The ironies of English Erastianism: Puritanism and the outbreak of the English Civil Wars

Research output: Book chapter/Published conference paperChapter (peer-reviewed)peer-review

1 Citation (Scopus)


This chapter aims to explore the evolving conceptions of church-state
relations from the perspective of a particular group of moderate puritans in early Stuart England. It will delineate how their contemplation
of church-state relations and, more specifically, their Erastian beliefs,
brought them to a position of opposition to Charles I. In this way, it will
shed light on the causes of the English (or British) civil wars, at least for these men.1 More broadly, it will demonstrate that ideas regarding
the appropriate relationship between church and state during the period
of England's "long Reformation'' were often ambiguous and contested. It
will also suggest that these moderate puritans saw in Erastianism a possible resolution to such ambiguity.
But first a brief note on nomenclature. There has been a long and
somewhat inconclusive debate concerning the use (and usefulness) of the
labels "puritan" and "puritanism'' in sixteenth- and seventeenth-century
England. Some scholars, due to the term's pejorative connotations, have
argued for the employment of the self-applied, contemporary description "godly" instead; however, recent scholarship has seen a marked rehabilitation of "puritan'' and "puritanism:'' Essentially, both "puritan'' and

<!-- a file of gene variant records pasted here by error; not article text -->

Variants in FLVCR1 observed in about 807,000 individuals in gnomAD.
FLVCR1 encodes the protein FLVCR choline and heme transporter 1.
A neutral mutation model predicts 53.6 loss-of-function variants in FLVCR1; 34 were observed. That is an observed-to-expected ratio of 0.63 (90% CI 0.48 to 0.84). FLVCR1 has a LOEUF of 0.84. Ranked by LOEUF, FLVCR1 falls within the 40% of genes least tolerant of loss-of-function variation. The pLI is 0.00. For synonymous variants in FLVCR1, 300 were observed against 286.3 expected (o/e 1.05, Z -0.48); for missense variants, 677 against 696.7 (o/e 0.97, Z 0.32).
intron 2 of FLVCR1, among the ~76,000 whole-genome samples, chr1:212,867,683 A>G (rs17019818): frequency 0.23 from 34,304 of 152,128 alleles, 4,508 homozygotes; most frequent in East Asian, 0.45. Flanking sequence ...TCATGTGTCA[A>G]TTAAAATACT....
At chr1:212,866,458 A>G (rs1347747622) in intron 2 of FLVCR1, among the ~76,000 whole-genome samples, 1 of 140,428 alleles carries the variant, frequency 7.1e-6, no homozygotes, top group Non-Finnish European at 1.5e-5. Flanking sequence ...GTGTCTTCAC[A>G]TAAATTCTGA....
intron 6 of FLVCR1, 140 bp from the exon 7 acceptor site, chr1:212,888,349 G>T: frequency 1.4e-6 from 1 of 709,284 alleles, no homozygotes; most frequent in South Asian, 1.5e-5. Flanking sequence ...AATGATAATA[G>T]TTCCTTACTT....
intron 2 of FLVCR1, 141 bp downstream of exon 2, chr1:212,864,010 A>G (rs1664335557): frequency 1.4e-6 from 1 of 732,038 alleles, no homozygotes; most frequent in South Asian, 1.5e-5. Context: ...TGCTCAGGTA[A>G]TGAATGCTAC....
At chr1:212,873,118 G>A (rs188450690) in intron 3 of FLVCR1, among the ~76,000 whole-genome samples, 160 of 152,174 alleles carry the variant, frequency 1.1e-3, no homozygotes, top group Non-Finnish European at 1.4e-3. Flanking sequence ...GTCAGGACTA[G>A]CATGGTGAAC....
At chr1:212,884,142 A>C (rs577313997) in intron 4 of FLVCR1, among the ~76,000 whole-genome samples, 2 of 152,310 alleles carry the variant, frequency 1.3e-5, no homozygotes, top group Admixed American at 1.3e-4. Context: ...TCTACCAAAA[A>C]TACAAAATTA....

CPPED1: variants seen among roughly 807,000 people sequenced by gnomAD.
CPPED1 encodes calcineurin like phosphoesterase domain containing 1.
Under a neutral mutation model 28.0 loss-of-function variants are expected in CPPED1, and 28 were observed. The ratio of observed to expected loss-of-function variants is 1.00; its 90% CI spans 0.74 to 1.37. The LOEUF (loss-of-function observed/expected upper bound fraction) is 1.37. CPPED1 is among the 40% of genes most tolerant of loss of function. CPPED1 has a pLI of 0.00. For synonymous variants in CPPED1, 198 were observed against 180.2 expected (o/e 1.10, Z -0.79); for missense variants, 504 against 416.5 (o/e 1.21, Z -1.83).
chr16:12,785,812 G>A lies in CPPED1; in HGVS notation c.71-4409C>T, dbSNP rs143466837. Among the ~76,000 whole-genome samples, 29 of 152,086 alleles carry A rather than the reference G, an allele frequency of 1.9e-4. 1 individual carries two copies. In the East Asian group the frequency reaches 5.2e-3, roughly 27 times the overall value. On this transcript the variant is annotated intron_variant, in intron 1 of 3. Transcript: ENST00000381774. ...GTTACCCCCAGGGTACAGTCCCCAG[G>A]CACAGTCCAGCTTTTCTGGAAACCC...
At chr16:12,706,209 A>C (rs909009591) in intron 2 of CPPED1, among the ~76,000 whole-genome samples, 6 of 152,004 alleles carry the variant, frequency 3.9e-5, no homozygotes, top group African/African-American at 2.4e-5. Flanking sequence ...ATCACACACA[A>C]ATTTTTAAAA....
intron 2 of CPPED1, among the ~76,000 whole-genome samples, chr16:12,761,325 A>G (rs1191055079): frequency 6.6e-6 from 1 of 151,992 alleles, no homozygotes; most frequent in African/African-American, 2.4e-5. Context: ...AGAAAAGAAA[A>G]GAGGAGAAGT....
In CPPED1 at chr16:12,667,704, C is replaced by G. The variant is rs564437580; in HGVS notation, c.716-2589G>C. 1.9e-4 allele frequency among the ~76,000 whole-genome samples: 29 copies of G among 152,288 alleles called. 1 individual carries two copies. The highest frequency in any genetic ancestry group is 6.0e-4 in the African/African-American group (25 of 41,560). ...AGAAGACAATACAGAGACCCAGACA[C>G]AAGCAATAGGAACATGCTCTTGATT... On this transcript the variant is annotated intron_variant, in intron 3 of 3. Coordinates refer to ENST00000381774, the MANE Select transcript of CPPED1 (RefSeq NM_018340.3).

"godly" described the same socio-religious groups and the terms are
often now used interchangeably. Without getting too embroiled in the
definitional debates, I will take puritan to mean that wing of English
Protestantism which favoured a "hotter;' more activist Protestantism,
and which could often be found advocating further reformation of the
English Church (though precisely what this further reformation specifically entailed was subject to some debate). Puritans were predestinarian,
stridently anti-papal, and often participated in various voluntarist religious activities, such as "gadding" to sermons, fasts, and spiritual meditations. For reasons that will be made clear below, I have termed the
particular group of men with whom I am concerned "moderate" puritans.
Original languageEnglish
Title of host publicationChurch and state in old and new worlds
EditorsHilary M Carey, John Gascoigne
Place of PublicationLeiden, The Netherlands
Number of pages23
ISBN (Print)9789004192003
Publication statusPublished - 2011


Dive into the research topics of 'The ironies of English Erastianism: Puritanism and the outbreak of the English Civil Wars'. Together they form a unique fingerprint.

Cite this